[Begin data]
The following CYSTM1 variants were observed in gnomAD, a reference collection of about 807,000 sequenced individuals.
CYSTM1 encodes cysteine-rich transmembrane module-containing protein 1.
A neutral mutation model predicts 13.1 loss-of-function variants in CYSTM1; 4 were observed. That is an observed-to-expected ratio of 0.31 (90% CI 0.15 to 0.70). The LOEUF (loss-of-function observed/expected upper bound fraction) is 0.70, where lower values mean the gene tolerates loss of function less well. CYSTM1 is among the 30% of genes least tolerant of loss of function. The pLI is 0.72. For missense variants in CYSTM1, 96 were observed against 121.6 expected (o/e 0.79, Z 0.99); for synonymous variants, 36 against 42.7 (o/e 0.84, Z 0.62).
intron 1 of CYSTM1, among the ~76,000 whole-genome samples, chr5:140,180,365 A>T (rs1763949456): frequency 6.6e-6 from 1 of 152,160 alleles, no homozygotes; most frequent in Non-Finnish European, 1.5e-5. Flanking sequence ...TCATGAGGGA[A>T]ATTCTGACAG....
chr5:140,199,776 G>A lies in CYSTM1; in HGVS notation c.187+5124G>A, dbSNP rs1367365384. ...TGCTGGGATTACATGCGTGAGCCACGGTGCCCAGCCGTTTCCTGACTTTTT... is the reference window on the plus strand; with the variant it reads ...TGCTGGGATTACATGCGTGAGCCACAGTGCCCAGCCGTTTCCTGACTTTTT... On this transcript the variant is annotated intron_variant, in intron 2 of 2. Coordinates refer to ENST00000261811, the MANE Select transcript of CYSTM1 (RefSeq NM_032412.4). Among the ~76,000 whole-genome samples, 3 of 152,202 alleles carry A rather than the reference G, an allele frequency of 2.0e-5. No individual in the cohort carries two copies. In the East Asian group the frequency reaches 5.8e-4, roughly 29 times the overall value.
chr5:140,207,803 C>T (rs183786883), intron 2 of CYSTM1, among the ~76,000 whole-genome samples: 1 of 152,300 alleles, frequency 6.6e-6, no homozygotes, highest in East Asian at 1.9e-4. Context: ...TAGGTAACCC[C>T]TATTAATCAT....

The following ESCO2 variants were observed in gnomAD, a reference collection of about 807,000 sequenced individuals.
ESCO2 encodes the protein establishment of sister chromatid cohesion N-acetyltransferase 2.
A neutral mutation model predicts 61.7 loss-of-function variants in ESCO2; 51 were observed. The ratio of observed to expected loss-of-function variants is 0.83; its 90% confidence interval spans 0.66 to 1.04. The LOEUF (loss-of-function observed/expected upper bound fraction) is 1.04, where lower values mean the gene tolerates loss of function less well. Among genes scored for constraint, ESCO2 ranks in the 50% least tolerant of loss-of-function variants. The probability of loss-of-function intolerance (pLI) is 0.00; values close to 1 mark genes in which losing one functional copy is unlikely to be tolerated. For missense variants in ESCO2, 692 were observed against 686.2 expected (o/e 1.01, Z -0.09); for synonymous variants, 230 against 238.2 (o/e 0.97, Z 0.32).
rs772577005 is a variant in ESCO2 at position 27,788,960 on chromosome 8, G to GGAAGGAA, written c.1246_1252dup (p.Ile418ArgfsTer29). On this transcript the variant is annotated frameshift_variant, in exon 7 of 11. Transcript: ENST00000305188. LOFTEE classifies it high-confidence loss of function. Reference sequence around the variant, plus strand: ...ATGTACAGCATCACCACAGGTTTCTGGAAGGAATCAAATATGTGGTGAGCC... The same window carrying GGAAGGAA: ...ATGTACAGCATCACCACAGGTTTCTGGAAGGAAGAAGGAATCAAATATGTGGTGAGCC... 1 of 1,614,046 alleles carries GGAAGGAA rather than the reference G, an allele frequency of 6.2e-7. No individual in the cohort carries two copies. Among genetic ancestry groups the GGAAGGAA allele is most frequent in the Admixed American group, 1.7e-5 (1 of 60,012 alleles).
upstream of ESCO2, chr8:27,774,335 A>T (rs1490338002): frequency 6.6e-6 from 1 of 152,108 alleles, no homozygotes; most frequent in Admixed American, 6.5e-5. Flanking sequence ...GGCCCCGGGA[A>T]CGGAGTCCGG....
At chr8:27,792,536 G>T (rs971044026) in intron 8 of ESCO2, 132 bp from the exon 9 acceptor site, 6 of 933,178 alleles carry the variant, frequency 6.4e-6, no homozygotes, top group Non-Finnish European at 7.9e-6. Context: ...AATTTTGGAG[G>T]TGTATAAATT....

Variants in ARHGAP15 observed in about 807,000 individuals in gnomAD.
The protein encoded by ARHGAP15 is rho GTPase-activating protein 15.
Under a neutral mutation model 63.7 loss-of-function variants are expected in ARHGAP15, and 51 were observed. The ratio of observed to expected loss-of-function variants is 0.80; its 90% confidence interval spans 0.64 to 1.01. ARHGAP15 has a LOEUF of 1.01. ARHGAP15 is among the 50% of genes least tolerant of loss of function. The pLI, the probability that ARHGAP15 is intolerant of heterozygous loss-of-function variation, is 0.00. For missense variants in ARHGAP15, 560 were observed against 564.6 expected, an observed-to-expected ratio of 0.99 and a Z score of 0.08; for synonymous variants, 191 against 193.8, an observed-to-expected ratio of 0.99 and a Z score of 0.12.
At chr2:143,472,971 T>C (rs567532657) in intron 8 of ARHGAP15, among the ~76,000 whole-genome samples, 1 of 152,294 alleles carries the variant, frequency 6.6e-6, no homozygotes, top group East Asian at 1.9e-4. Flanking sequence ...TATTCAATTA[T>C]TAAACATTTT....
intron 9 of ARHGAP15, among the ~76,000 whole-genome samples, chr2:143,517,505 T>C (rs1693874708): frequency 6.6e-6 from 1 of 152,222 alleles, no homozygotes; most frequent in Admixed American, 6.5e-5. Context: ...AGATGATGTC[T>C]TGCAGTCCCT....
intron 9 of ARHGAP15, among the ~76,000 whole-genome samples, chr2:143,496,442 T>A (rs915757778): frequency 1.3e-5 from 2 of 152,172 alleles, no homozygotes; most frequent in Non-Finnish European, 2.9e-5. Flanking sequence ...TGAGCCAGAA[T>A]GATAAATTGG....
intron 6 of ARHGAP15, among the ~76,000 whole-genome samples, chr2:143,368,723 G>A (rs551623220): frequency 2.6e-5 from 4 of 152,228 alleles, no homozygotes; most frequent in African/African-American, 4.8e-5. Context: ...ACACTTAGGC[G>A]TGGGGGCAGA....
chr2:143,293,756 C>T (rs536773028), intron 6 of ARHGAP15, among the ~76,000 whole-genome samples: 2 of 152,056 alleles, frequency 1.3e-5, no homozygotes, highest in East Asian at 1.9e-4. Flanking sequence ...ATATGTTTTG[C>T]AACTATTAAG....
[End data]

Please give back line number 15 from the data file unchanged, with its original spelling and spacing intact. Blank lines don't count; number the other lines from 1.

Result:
Under a neutral mutation model 63.7 loss-of-function variants are expected in ARHGAP15, and 51 were observed. The ratio of observed to expected loss-of-function variants is 0.80; its 90% confidence interval spans 0.64 to 1.01. ARHGAP15 has a LOEUF of 1.01. ARHGAP15 is among the 50% of genes least tolerant of loss of function. The pLI, the probability that ARHGAP15 is intolerant of heterozygous loss-of-function variation, is 0.00. For missense variants in ARHGAP15, 560 were observed against 564.6 expected, an observed-to-expected ratio of 0.99 and a Z score of 0.08; for synonymous variants, 191 against 193.8, an observed-to-expected ratio of 0.99 and a Z score of 0.12.